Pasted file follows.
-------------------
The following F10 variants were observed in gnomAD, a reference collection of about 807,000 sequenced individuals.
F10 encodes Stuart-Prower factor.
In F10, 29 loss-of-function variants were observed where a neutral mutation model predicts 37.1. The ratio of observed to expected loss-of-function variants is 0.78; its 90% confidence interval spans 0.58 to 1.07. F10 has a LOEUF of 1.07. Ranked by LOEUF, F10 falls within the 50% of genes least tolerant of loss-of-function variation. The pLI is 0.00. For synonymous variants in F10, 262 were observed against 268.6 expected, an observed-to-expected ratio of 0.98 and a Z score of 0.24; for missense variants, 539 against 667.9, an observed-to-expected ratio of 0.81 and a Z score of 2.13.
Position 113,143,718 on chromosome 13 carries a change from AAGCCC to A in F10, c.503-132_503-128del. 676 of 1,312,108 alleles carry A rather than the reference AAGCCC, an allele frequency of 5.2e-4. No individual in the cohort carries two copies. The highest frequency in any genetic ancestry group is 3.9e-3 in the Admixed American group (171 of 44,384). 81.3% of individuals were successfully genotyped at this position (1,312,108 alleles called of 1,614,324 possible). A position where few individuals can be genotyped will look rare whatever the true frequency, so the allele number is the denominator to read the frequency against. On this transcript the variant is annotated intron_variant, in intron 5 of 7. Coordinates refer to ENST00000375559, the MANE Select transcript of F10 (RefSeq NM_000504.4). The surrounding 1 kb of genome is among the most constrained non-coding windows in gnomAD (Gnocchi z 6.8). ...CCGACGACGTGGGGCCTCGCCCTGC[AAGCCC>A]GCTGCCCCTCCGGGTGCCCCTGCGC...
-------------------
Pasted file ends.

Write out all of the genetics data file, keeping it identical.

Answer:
The following F10 variants were observed in gnomAD, a reference collection of about 807,000 sequenced individuals.
F10 encodes Stuart-Prower factor.
In F10, 29 loss-of-function variants were observed where a neutral mutation model predicts 37.1. The ratio of observed to expected loss-of-function variants is 0.78; its 90% confidence interval spans 0.58 to 1.07. F10 has a LOEUF of 1.07. Ranked by LOEUF, F10 falls within the 50% of genes least tolerant of loss-of-function variation. The pLI is 0.00. For synonymous variants in F10, 262 were observed against 268.6 expected, an observed-to-expected ratio of 0.98 and a Z score of 0.24; for missense variants, 539 against 667.9, an observed-to-expected ratio of 0.81 and a Z score of 2.13.
Position 113,143,718 on chromosome 13 carries a change from AAGCCC to A in F10, c.503-132_503-128del. 676 of 1,312,108 alleles carry A rather than the reference AAGCCC, an allele frequency of 5.2e-4. No individual in the cohort carries two copies. The highest frequency in any genetic ancestry group is 3.9e-3 in the Admixed American group (171 of 44,384). 81.3% of individuals were successfully genotyped at this position (1,312,108 alleles called of 1,614,324 possible). A position where few individuals can be genotyped will look rare whatever the true frequency, so the allele number is the denominator to read the frequency against. On this transcript the variant is annotated intron_variant, in intron 5 of 7. Coordinates refer to ENST00000375559, the MANE Select transcript of F10 (RefSeq NM_000504.4). The surrounding 1 kb of genome is among the most constrained non-coding windows in gnomAD (Gnocchi z 6.8). ...CCGACGACGTGGGGCCTCGCCCTGC[AAGCCC>A]GCTGCCCCTCCGGGTGCCCCTGCGC...